REPLAY: How to Become an Influencer [Facebook Live Show]

Posted on Posted in Advertising, Facebook Live, Influencer Marketing, Thought Leadership

Episode CUATRO of Live Online Learning (LOL)…

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Here’s what we talked about, in addition to attendee live questions we answered:

  1. Introduction
    1. What’s an influencer?
      1. An author, expert, TV personality, YT personality, celebrity or microfamous in a niche,
      2. Someone with followers and viewers and the ability to influence their audience-
        1. you’re not an influencer if people aren’t affected by you-
        2. you’re not an infuencer if you don’t have a following
      3. Some online influencers make 6 figures just for being themselves
      4. What the minimum you have to have or be to be an influencer?
        1. There are degrees of influence, but real influencers have a significant impact on an audience- if that’s a small audience they might not need to have 100,000 fans, but until you attract the attention of sponsors or media, you may not be that influential
        2. Once you have impact you’ll probably have haters- that’s a good sign- it’s hard to have haters without having a lot of supporters, it means you are pushing people in a direction and not everybody is going to agree- or you can just get a jealousy response from people who don’t like that you’re succeeding
    2. Anyone can become an influencer and get paid for it if they really want to
      1. Do you want to be a famous paid influencer, or an anonymous cubicle worker?
      2. Even if you don’t have a following you can get one
      3. Even if you don’t currently attract followers you can learn how to
      4. Anyone can make a living being an influencer if they work at it
      5. If you have beliefs, talent, expertise or even just a desire to talk to a lot of people? Then you should become more influential. Your voice, your perspective is important. The world needs your contribution. You deserve to influence an audience.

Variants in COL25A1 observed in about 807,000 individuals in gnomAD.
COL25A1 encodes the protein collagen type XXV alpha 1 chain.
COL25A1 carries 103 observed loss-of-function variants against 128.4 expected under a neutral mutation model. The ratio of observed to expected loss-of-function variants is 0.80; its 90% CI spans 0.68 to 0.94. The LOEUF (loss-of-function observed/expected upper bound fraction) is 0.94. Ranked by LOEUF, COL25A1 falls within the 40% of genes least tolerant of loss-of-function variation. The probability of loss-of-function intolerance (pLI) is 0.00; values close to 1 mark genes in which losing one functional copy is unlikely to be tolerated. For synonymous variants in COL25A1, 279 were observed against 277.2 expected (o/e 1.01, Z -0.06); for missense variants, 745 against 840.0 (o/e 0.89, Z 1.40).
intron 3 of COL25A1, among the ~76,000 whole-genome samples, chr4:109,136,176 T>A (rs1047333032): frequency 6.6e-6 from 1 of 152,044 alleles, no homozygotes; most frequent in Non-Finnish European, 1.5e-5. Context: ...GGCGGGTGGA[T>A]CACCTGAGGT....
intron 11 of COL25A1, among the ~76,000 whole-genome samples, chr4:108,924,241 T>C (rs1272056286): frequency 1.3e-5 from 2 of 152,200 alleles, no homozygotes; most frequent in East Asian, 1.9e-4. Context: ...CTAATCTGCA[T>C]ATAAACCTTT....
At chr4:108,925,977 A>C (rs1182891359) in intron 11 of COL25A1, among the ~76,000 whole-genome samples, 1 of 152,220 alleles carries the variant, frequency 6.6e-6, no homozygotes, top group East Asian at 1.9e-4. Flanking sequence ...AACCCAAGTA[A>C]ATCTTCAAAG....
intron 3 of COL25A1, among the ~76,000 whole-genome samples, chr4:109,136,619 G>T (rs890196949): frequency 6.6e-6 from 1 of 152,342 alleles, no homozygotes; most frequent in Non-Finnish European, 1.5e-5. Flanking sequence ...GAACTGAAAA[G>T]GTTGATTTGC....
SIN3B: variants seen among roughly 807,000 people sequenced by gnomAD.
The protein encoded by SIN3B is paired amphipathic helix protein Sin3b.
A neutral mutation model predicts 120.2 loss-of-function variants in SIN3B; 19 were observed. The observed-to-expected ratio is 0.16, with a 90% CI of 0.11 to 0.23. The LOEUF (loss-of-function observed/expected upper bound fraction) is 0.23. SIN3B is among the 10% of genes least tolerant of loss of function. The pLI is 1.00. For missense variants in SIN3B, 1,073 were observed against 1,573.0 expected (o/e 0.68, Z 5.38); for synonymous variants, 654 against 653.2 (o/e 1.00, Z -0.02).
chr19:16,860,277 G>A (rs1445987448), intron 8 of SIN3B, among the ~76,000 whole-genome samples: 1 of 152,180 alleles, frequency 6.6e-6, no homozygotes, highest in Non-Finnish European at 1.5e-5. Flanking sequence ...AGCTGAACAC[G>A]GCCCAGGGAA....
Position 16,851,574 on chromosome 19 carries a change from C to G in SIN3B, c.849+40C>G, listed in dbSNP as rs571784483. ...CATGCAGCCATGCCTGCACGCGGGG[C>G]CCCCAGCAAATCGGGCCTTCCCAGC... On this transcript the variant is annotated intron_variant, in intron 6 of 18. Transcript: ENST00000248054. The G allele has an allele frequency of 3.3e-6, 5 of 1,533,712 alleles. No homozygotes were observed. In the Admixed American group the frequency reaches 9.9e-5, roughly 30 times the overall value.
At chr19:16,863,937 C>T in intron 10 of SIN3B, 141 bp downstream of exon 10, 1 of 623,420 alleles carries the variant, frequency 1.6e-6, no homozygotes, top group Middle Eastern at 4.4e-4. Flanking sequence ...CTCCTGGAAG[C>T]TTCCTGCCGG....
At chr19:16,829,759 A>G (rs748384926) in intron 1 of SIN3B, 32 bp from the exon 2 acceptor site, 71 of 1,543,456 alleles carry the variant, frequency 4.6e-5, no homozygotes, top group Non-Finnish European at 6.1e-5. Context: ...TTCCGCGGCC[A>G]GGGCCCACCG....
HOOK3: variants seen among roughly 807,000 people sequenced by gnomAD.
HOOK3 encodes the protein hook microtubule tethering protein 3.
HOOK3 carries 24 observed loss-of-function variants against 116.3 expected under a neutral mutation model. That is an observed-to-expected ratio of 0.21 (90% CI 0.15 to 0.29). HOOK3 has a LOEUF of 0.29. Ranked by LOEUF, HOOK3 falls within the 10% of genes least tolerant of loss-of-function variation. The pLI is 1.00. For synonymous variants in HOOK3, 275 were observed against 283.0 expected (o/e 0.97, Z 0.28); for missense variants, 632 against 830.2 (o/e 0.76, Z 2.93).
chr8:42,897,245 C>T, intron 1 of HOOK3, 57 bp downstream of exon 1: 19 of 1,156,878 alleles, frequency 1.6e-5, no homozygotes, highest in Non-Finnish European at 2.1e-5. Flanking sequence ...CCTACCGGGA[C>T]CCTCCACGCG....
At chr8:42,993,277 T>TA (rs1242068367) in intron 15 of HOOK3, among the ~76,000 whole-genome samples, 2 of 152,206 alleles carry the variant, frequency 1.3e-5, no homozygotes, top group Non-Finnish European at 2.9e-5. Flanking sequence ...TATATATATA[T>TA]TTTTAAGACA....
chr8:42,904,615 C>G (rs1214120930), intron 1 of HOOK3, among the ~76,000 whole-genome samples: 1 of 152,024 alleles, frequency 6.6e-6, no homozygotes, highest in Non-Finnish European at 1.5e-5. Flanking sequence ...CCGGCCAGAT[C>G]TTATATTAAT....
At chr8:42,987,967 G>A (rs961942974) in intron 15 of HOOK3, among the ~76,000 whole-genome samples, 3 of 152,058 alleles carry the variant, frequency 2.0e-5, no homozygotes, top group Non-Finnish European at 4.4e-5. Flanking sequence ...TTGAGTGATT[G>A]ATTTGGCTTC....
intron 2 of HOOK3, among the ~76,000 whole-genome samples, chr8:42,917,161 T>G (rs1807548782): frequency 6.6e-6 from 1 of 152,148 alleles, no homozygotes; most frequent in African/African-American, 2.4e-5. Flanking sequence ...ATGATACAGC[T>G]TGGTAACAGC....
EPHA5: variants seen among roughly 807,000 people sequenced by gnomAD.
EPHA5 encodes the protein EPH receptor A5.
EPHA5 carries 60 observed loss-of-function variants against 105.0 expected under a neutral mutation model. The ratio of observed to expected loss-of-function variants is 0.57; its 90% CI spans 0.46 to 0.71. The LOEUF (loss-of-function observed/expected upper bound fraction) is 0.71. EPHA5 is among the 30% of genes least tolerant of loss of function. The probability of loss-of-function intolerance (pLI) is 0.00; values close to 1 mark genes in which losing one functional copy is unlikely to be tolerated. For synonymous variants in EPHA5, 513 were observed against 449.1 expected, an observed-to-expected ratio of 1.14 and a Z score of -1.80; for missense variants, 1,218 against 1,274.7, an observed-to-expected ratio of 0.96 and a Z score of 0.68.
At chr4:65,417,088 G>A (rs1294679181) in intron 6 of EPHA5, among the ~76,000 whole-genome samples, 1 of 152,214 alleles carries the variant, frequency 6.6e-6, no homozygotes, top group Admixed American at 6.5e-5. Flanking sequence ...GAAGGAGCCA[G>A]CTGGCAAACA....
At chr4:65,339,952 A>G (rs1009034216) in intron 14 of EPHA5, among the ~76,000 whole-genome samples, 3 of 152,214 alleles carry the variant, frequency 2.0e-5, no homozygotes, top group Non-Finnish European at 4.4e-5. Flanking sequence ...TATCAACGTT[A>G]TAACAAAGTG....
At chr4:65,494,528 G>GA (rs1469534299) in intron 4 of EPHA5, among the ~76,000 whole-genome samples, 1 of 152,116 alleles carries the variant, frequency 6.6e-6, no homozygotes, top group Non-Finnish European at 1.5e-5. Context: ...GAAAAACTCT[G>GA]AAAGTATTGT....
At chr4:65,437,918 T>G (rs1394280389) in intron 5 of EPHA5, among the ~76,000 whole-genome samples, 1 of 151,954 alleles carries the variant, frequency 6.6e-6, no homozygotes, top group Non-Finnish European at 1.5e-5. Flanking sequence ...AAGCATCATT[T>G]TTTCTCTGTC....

6. Everyone who performs or influences large audiences experiences fear, even the best most famous singers and comedians- you can overcome it. It’s simply the desire to do and be your best, feeling the responsibility of a teacher or entertainer- use it to inspire you to prepare and to sharpen your performance.
  2. Network – personal
    1. Deepen your relationships
    2. Meet people in person
    3. Get to know VIP’s
  3. Network – online
    1. How many FB friends do you have? Grow to at least 3,000
    2. How many FB page fans? You don’t have to pay for page likes thru ads, but it’s a good idea until you have more than 5-10k. You should promote posts instead when you can, because having fans doesn’t ensure they’ll see your posts.
    3. How many LinkedIn contacts? Keep growing this, and keep it up with your email, Twitter and FB contacts- try to get over 1,000 at least.
    4. How many YT subscribers? YT and FB, social video is like the new TV- you don’t have a TV show to be famous or make money. And if you learn to do it well in social, maybe one day you could have a TV show too. Go for 100, then 1000, then 10,000.
    5. How many Twitter followers? It’s a good idea to have at least 10,000 – you can use tools like tweepi to follow the kind of people you want as followers and many will follow back.
    6. How many Instagram followers? Go for 5,000- there are tools to help you follow the right people and grow faster
    7. How many email subscribers? Email is one of the best
    8. ways to acquire a powerful list you can always go to for attention to new content or to sell things. Go for 10,000 at least; you need lead magnets- leadquizzes is a good start- but checklists are an easy way give value and get emails without a ton of work.